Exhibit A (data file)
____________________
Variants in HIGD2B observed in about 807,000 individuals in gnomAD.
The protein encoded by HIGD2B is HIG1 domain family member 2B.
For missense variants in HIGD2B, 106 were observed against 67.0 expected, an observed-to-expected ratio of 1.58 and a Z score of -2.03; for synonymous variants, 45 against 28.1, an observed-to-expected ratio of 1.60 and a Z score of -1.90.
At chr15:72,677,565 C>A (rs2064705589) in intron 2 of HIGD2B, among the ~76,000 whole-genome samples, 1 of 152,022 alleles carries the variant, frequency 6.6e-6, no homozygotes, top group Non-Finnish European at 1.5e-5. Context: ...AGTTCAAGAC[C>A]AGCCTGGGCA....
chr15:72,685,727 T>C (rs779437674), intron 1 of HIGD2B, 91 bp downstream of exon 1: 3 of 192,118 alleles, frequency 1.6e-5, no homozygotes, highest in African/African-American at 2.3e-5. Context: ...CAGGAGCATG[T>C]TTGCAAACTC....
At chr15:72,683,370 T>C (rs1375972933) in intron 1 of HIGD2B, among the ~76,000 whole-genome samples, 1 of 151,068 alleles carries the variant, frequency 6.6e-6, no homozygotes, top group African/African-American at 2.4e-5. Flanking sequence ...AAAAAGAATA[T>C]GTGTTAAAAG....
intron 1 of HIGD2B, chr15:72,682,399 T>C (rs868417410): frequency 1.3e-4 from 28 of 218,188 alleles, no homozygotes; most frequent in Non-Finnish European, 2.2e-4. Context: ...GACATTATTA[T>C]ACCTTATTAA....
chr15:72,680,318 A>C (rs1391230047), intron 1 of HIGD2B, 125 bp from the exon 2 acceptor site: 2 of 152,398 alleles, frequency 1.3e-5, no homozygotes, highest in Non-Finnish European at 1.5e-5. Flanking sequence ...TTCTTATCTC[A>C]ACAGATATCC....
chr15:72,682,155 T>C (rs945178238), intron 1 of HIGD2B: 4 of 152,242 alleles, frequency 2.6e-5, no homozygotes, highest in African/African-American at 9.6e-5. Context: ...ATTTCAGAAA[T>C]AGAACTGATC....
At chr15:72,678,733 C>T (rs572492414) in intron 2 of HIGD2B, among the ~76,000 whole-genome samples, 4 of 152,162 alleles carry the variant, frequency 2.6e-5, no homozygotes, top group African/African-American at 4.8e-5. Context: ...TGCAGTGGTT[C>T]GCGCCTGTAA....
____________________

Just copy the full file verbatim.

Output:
Variants in HIGD2B observed in about 807,000 individuals in gnomAD.
The protein encoded by HIGD2B is HIG1 domain family member 2B.
For missense variants in HIGD2B, 106 were observed against 67.0 expected, an observed-to-expected ratio of 1.58 and a Z score of -2.03; for synonymous variants, 45 against 28.1, an observed-to-expected ratio of 1.60 and a Z score of -1.90.
At chr15:72,677,565 C>A (rs2064705589) in intron 2 of HIGD2B, among the ~76,000 whole-genome samples, 1 of 152,022 alleles carries the variant, frequency 6.6e-6, no homozygotes, top group Non-Finnish European at 1.5e-5. Context: ...AGTTCAAGAC[C>A]AGCCTGGGCA....
chr15:72,685,727 T>C (rs779437674), intron 1 of HIGD2B, 91 bp downstream of exon 1: 3 of 192,118 alleles, frequency 1.6e-5, no homozygotes, highest in African/African-American at 2.3e-5. Context: ...CAGGAGCATG[T>C]TTGCAAACTC....
At chr15:72,683,370 T>C (rs1375972933) in intron 1 of HIGD2B, among the ~76,000 whole-genome samples, 1 of 151,068 alleles carries the variant, frequency 6.6e-6, no homozygotes, top group African/African-American at 2.4e-5. Flanking sequence ...AAAAAGAATA[T>C]GTGTTAAAAG....
intron 1 of HIGD2B, chr15:72,682,399 T>C (rs868417410): frequency 1.3e-4 from 28 of 218,188 alleles, no homozygotes; most frequent in Non-Finnish European, 2.2e-4. Context: ...GACATTATTA[T>C]ACCTTATTAA....
chr15:72,680,318 A>C (rs1391230047), intron 1 of HIGD2B, 125 bp from the exon 2 acceptor site: 2 of 152,398 alleles, frequency 1.3e-5, no homozygotes, highest in Non-Finnish European at 1.5e-5. Flanking sequence ...TTCTTATCTC[A>C]ACAGATATCC....
chr15:72,682,155 T>C (rs945178238), intron 1 of HIGD2B: 4 of 152,242 alleles, frequency 2.6e-5, no homozygotes, highest in African/African-American at 9.6e-5. Context: ...ATTTCAGAAA[T>C]AGAACTGATC....
At chr15:72,678,733 C>T (rs572492414) in intron 2 of HIGD2B, among the ~76,000 whole-genome samples, 4 of 152,162 alleles carry the variant, frequency 2.6e-5, no homozygotes, top group African/African-American at 4.8e-5. Context: ...TGCAGTGGTT[C>T]GCGCCTGTAA....